• The Gallery

Bribe claim dogs new justice of Appeal


Newly appointed Justice of Appeal Carolita Bethell was accused of soliciting a $50,000 bribe from a drug trafficker in 2001 to fix his cocaine conspiracy case, The Gallery can confirm.

While defending her controversial appointment to the Court of Appeal in August, Attorney General Carl Bethel claimed “the learned justice of appeal has never been accused of any misbehavior.”

The Gallery has learned that the 19-year-old case has come back to haunt Justice Bethell as Major now has a pending appeal against his 2003 conviction in that case.

Major, who is represented by Keod Smith, alleges that as while working as the Drug Court Magistrate, Bethell wrongfully continued his case in defiance of an order made by Supreme Court Justice John Lyons in 2002 at an application for recusal, making his conviction null and void.

Major had alleged that he could not get a fair trial before Magistrate Bethell after making the bribery claim.

As a magistrate, Bethell was bound to follow Justice Lyons’ order for recusal— and that the case be assigned to another court.

Transcripts obtained by The Gallery of the November 23, 2001 proceedings show that Major claimed in open court that the magistrate had solicited a bribe through a third party.

Major said, “Your honour, I don’t want my case to go on in this court. I don’t have a dollar to give to anyone. I don’t have $50,000 to give to you.”

He continued, “You don’t be sending your lover boy talking bout no $50,000.”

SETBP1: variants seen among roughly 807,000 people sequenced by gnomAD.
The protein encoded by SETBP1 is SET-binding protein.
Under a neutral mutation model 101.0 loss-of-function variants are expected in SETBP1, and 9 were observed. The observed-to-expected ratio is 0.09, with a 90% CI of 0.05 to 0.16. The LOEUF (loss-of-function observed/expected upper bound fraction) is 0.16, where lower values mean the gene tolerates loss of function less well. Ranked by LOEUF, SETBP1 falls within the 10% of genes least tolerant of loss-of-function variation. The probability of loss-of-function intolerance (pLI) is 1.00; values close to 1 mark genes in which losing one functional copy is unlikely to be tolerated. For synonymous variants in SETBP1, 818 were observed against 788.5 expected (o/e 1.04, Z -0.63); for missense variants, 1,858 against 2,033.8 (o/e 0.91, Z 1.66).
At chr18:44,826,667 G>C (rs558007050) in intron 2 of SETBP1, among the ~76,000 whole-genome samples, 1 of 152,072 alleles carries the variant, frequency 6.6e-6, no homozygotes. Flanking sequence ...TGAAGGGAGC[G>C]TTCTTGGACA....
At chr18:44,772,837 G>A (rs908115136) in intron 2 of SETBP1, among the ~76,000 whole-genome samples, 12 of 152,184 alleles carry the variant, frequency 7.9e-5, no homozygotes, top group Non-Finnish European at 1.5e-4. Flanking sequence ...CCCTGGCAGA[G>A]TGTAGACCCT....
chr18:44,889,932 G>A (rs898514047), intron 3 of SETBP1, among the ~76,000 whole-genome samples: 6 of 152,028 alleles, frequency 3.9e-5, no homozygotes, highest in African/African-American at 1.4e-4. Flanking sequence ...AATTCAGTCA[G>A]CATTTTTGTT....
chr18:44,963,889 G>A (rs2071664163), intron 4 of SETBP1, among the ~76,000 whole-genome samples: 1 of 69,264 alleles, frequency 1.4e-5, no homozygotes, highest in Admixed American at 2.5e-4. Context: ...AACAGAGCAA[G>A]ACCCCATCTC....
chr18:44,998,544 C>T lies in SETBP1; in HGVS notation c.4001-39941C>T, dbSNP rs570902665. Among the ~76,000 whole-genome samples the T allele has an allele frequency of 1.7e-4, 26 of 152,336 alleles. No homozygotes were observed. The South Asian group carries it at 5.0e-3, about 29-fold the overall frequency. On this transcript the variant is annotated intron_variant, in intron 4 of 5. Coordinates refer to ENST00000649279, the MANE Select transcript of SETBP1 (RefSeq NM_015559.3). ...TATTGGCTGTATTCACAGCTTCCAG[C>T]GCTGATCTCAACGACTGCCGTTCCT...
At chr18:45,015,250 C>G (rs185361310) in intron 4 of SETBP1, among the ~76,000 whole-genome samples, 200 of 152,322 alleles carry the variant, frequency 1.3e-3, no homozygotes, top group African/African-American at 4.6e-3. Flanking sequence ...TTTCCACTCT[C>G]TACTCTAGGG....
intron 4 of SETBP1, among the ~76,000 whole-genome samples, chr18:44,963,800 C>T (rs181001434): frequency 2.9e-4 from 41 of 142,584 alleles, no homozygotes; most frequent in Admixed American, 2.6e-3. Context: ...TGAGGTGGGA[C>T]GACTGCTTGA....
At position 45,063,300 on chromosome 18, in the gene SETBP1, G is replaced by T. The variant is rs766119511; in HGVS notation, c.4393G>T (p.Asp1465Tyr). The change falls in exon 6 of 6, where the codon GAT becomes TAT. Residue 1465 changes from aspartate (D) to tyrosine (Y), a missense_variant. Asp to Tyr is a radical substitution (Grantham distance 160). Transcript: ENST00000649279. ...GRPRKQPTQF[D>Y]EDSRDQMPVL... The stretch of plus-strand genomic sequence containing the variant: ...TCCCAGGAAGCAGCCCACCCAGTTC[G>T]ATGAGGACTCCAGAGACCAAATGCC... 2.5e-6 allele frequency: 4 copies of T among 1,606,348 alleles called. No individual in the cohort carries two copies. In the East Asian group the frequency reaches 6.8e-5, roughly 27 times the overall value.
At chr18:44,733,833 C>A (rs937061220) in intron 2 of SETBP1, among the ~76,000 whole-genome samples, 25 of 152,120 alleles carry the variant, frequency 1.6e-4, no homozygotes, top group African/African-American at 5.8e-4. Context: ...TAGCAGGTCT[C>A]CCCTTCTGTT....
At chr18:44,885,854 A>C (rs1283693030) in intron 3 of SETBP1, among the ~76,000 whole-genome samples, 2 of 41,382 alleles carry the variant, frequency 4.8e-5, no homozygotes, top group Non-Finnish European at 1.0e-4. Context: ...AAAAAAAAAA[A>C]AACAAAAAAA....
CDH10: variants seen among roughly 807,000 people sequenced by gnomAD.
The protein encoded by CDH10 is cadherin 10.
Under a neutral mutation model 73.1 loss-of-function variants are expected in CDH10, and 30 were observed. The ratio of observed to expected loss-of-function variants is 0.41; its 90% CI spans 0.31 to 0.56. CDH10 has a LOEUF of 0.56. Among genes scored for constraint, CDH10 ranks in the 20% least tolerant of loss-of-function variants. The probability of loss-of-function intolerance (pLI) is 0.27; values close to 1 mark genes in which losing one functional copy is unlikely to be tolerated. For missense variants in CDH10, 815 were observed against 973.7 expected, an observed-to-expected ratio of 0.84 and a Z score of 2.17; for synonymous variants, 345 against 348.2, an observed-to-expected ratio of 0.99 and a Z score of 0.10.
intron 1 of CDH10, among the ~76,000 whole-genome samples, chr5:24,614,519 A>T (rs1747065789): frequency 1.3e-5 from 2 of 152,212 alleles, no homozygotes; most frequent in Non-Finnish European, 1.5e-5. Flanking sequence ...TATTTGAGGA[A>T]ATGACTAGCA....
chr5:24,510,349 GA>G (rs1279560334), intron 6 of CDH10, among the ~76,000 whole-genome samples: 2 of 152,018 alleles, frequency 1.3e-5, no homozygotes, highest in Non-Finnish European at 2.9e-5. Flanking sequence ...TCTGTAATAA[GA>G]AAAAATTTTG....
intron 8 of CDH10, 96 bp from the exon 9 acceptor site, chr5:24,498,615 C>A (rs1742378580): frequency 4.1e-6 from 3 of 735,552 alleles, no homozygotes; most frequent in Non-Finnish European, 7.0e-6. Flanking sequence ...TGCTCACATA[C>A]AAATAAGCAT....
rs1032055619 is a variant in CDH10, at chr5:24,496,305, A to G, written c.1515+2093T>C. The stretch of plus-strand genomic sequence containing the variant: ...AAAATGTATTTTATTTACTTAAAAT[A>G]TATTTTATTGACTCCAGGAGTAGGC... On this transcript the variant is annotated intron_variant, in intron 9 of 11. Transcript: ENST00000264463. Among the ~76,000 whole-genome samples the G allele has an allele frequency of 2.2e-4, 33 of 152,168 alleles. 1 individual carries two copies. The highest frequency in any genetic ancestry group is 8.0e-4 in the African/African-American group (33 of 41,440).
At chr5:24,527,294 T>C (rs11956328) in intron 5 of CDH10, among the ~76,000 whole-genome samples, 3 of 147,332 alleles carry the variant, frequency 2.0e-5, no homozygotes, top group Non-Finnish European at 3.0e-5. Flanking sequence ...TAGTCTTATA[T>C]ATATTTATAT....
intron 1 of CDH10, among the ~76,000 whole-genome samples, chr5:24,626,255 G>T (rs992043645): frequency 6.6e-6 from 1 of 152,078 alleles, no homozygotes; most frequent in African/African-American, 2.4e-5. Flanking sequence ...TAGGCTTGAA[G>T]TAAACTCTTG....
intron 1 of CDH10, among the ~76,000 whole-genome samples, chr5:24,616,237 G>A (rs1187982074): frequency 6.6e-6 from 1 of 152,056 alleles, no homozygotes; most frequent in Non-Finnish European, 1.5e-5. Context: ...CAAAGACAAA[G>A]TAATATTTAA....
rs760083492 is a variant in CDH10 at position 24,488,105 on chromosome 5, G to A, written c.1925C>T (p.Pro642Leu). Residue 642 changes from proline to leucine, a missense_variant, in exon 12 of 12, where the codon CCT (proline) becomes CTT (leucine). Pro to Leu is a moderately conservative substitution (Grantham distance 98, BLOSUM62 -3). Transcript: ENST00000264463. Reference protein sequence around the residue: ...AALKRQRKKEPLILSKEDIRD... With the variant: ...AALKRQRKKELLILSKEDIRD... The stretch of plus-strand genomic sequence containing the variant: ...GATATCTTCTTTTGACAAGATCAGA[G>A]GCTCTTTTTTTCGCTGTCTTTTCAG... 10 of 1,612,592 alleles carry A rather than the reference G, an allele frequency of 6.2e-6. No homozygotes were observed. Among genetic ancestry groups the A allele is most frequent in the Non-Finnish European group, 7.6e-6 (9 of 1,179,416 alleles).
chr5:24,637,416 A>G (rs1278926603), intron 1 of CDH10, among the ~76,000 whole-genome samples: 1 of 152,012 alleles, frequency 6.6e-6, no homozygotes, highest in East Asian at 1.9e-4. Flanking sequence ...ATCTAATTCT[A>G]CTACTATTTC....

Magistrate Bethell said she would not step down from the case and ordered police to take Major into the cells at the Central Police Station.

According to the transcript she said, “I am not going to dismiss this matter in this court. But if you feel you will not have a fair trial, you can go to another court, that is a superior court and ask that it be removed.”

“I am going to put it down for continuation on February 1. And if before that date, you want to take these accusations, the filth that you have said and continued to say to this court, you are entitled to do so.”

Major did just that in an application before Justice Lyons, who described the bribery claim as “too fantastic to be genuine.”

However, Justice Lyons ordered the case moved to another court after Magistrate Bethell swore an affidavit denying the bribe claim during the recusal application.

In his decision on May 8, 2002, Justice Lyons said Magistrate Bethell became a party to the proceedings by filing the affidavit.

He found, “By so doing (or being advised to do so), the learned magistrate has directly expressed her view of the creditworthiness of Major. She cannot now go back to the bench and sit in judgment of Major on the very proceedings in issue, and where his creditworthiness is an issue.”

As a result, Justice Lyons ordered the trial to recommence before another court.

Garvin Gaskin, now the Director of Public Prosecutions, appeared for the Crown when the decision was rendered.

He also appeared as the prosecutor in the case that continued before Magistrate Bethell in defiance of the judge’s order.

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